Category Archives: Book Review

Review – Ashley’s War – Gayle Tzemach Lemmon

ashleys-warAshley’s War
Author: Gayle Tzemach Lemmon
Rating: ☆ ☆ ☆ ☆ ½

In 2010, the U.S. Army Special Operations Command created Cultural Support Teams, a pilot program to put women on the battlefield alongside Green Berets and Army Rangers on sensitive missions in Afghanistan. The idea was that women could access places and people that had remained out of reach, and could build relationships—woman to woman—in ways that male soldiers in a conservative, traditional country could not. Though officially banned from combat, female soldiers could be “attached” to different teams, and for the first time, women throughout the Army heard the call to try out for this special ops program.

Over the last few months, there has been a lot of discussion about the opening of combat roles in the military to women. Discussions about should women be allowed in these traditional male roles? can they carry the same weight? various services have conducted different studies to see how women perform in these training pipelines – but few people know that women have been in combat roles for several years – serving alongside men in the special operations, including Army Delta forces. In fact, while I had heard of these women in passing, I knew next to nothing about these ground breaking women, so when I came across Ashley’s War in the library, it seemed like a good choice for something to read.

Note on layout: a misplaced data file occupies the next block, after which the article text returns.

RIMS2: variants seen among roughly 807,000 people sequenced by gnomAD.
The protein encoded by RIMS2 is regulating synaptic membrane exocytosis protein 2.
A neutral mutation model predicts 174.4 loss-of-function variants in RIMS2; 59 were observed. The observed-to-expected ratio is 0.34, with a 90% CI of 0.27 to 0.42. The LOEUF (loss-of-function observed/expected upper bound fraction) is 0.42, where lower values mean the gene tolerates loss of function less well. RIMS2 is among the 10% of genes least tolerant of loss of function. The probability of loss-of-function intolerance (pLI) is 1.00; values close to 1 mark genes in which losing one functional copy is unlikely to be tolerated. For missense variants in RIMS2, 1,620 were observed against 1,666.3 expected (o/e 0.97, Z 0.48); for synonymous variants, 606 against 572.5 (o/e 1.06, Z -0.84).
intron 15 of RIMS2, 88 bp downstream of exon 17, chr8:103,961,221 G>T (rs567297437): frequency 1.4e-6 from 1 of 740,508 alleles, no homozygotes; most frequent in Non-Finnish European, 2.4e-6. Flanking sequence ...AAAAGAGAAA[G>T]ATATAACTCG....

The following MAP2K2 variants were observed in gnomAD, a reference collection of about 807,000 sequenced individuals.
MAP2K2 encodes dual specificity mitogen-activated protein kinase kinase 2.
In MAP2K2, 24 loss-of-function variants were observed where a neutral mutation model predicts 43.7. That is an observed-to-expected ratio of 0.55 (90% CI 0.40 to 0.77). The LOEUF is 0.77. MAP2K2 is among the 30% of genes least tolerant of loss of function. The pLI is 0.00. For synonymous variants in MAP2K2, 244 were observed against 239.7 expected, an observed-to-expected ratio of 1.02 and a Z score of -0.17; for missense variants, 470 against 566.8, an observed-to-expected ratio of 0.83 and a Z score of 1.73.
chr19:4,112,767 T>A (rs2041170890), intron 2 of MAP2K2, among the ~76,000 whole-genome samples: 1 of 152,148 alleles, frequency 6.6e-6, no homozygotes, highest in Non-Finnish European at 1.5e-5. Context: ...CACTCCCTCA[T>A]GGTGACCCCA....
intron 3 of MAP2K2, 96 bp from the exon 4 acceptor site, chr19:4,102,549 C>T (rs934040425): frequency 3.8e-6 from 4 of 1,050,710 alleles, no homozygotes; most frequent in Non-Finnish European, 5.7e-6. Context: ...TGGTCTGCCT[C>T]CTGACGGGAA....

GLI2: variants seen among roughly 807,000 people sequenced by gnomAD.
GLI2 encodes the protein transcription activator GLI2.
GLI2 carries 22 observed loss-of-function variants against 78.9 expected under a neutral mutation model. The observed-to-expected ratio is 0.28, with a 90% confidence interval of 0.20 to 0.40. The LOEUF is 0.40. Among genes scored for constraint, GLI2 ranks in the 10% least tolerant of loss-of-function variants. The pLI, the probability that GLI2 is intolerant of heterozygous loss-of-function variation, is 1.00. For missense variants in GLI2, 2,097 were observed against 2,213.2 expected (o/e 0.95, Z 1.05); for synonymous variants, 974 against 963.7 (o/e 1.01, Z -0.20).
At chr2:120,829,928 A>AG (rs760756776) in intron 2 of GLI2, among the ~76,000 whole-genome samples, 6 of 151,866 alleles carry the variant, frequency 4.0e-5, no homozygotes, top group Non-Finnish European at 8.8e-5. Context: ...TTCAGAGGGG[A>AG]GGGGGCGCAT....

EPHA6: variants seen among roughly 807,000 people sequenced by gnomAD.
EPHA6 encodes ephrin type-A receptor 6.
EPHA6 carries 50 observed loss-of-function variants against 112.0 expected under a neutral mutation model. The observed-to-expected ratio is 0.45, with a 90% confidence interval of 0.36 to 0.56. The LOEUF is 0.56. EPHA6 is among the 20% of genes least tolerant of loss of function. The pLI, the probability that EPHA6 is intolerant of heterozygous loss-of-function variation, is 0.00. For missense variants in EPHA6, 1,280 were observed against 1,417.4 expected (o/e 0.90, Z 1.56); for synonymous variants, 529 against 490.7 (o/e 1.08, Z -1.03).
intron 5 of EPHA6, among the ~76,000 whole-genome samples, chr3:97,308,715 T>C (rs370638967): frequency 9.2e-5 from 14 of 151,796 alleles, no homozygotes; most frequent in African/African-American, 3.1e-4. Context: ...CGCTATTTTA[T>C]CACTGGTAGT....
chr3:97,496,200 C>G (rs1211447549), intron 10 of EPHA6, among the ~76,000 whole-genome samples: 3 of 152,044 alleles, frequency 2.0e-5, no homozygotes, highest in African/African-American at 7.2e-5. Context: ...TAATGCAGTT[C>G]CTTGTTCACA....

ashleyAt its heart, Ashley’s War is a fairly simple read, but the depth of emotion held within resulted in me crying and nearly crying several times throughout. Its a story of sisterhood; or pushing yourself beyond what you believe capable; or providing evidence that women do have a place in direct combat roles. What started out as a “social experiment” as many anti-women in combat folks like to say, soon emerged as a way for the US to tackle the empty cavern that was the female half of population in the villages, soldier’s often ended up in their pursuit of Taliban. The women of the Combat Support Teams (or CST’s) aided in identifying members of Taliban hiding in the general population because they were able to talk to female members of the population, who previously were not included in interrogations. There wasn’t anything special about these women – they were daughters, wives, and sisters; Academy graduates and ROTC, regular Army and National Guard – but each of them were special in their own way. Each of them were trail blazers for the women in the military today and the into the future.